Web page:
Elsa Benitez: 1977—: Model Biography
Mexican-born model Elsa Benitez graced the cover of Sports Illustrated's famous swimsuit issue in 2001. Her career seemed off to a promising start, but she took a break from the fast-paced fashion world to study acting and become a mother. She and her husband, former Miami Heat player Rony Seikaly, became parents to daughter Mila in 2003.
Born in 1977, Benitez is a native of Hermosillo, capital city of the northwest Mexican state of Sonora, about an hour's drive from the Gulf of California. Hermosillo, which lies on the Sonora River, is home to a Ford Motor Company manufacturing plant where the Escort model was once made, and is a thriving agricultural center as well. Growing up, Benitez idolized one of the top models of the 1980s, Linda Evangelista. As a young woman, she reached five feet, ten inches in height, and won a model-search contest in Costa Rica in 1995. She soon began finding work in Latin America, and then signed with Elite Model Management, the agency founded by John Casablancas and later run by Evangelista's husband, Gerald Marie.
Benitez first came to international attention modeling in Europe, and her nascent career was boosted immensely when influential photographer Steven Meisel began working with her. In 1996 she appeared on three covers of Italian Vogue. She also became a favorite of Italian designers Dolce e Gabbana, and appeared in their spring/summer collections shown in Milan in October of 1996. Stefano Gabbana told a writer for London's Observer newspaper, Roger Tredre, that he and Domenico Dolce felt that Benitez "embodies the Mediterranean woman," Gabbana enthused. "Her beauty reminds us of the actresses of the neo-realist Italian cinema, like Anna Magnani." At the time of the interview, Benitez still spoke just rudimentary English.
Benitez went on to work for designers Oscar de la Renta, Valentino, and Rena Lange; she has appeared in ad campaigns for Episode, J. Crew, and Nine West. Her biggest career coup, however, came early in 2001 when she appeared on the cover of Sports Illustrated's annual swimsuit issue. Under the heading "Goddesses of the Mediterranean," the model's sultry photo was captioned, "Elsa Benitez Heats Up Tunisia." The issue—a February tradition—is centered around an immense promotional blitz, and sales ordinarily hit the $50-million mark. Some of the world's top models had graced the SI cover before Benitez, among them Heidi Klum, Tyra Banks, Elle MacPherson, Christie Brinkley, and Cheryl Tiegs. Launched in 1964 as a way to lure readers during a slow sports-story month, the swimsuit issue grew racier over the years, and the exotic locales of its shoots are usually kept top-secret. "No matter where the magazine drapes its models, though, the issue manages to do one thing no other feature can: it gathers sports fans of every stripe beneath a single umbrella," noted a Financial Times report. "With the swimsuit issue in hand, no one complains that baseball lacks action, that hockey is too violent, that football is for those too fat or too dumb to play hockey."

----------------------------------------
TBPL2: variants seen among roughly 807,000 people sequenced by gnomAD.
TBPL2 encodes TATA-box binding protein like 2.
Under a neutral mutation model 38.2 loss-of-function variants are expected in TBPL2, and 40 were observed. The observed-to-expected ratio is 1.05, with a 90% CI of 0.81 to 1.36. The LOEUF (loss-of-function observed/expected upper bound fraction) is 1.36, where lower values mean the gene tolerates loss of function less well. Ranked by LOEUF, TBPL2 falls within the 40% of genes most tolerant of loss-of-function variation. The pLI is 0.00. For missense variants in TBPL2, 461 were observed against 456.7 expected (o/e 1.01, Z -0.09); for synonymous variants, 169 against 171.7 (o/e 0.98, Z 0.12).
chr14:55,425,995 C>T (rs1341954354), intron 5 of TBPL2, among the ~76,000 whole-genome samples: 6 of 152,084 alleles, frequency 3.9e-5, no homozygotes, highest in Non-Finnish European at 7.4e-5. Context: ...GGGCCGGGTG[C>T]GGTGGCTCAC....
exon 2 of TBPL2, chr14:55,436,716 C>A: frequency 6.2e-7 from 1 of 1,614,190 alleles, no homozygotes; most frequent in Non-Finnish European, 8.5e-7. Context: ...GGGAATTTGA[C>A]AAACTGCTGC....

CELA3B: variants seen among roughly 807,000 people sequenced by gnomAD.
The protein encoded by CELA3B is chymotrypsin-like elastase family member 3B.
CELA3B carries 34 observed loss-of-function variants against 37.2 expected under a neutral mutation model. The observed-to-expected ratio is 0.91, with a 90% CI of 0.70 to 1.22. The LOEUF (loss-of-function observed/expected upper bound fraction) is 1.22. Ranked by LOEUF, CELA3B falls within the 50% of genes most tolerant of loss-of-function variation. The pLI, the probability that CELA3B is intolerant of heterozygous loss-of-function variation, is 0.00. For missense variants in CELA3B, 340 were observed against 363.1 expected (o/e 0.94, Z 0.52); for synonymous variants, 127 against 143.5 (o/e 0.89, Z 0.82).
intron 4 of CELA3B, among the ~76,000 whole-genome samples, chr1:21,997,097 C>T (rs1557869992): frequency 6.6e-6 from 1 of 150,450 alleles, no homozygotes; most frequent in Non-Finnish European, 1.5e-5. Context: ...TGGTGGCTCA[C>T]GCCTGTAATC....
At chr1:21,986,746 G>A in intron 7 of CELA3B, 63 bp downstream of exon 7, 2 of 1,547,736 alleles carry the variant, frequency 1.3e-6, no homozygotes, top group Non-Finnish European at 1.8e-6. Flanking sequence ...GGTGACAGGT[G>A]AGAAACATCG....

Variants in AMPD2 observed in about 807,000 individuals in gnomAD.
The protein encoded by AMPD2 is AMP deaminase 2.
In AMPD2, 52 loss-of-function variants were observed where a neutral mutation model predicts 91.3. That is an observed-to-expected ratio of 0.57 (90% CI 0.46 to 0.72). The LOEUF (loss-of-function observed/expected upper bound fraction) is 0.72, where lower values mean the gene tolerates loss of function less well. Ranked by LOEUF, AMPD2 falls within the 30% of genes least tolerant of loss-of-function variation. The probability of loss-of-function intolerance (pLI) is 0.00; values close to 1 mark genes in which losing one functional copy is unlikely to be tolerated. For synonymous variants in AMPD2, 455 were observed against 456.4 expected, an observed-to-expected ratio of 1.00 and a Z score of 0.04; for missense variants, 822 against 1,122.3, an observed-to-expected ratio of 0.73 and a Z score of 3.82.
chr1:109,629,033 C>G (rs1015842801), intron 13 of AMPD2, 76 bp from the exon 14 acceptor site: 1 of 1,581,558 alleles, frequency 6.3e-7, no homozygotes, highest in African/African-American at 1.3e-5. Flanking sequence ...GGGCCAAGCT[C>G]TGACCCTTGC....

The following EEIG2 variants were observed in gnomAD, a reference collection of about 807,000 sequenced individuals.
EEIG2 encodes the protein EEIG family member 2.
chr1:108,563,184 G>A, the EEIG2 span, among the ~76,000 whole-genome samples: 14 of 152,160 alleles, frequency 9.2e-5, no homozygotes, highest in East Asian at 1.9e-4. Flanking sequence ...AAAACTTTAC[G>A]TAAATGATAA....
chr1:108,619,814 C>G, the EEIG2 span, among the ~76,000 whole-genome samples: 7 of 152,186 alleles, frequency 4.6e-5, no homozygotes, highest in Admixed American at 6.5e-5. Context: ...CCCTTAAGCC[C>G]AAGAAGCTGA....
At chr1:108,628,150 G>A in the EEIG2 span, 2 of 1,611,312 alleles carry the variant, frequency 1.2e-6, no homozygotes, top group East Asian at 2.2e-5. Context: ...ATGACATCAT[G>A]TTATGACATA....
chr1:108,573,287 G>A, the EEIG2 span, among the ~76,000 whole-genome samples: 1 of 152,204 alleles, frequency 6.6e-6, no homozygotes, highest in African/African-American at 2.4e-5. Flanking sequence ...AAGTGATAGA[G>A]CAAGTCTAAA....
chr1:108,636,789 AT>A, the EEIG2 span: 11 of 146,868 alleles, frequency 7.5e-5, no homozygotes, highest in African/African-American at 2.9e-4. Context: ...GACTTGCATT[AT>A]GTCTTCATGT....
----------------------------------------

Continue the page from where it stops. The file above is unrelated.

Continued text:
Benitez's career for the rest of the year seemed promising: she became the spokesperson for Budweiser and Bud Light, and also appeared in ads for the Taco Bell fast-food chain and its new stuffed burrito menu item. One television commercial for the product featured a dream sequence of her walking past two men, who are enamored of the burrito she is carrying, not her. "Agency creatives said the Mexican-born Benitez will help the product earn quick recognition with fickle fast-food customers," wrote Justin M. Norton in AD-WEEK Western Edition. A representative of the San Francisco-based advertising agency involved, Tom O'Keefe, told the trade journal that Benitez "is the ideal spokesperson, because she perfectly embodies the essence of the product."
Benitez appeared again in the 2002 SI swimsuit issue. The New York Post reported in March of 2002 that Sports Illustrated had struck a deal with the Playboy magazine empire to publish some of the other photos from the shoot in the German edition of Playboy. Some of the models—Klum and Eva Herzigova among them—objected to the deal, claiming that the models had not been consulted, and had not signed waivers allowing the publication of outtakes from the shoot in which they were nude in some cases.
Benitez seemed to drop out of the public eye afterward, however. She wed Rony Seikaly, whom she had met in 1997, and was dividing her time between their homes in Miami and New York City. The basketball player, who retired from the New Jersey Nets in 2000, was the first Lebanese player in NBA history, and stands at an impressive six feet, eleven inches. Seikaly was nonplussed by the attention his wife usually received in public. "I've always said I'm the luckiest guy in the world, not because she's beautiful on the outside, but because she's beautiful on the inside, too," Seikaly once told the New York Post. Benitez gave birth to daughter Mila in February of 2003. She has begun taking acting lessons and harbors an ambition for a film career, in both Spanish- and English-language productions.
ADWEEK Western Edition, April 30, 2001.
Daily Record (Glasgow, Scotland), May 9, 2002, p. 30.
Financial Times, March 16, 2002, p. 24.
Hispanic, April 2003.
Independent (London, England), December 2, 1999, p. 13.
National Petroleum News, June 2001, p, 58.
New York Post, February 21, 2001, p. 22; February 22, 2001, p. 79; March 5, 2002, p. 10.
Observer (London, England), November 3, 1996, p. 25.
Olympian (Olympia, WA), February 24, 2001, p. B3.
"Model of the Week," Ask Men, www.askmen.com/women/models/20_elsa_benitez.html (July 3, 2003).
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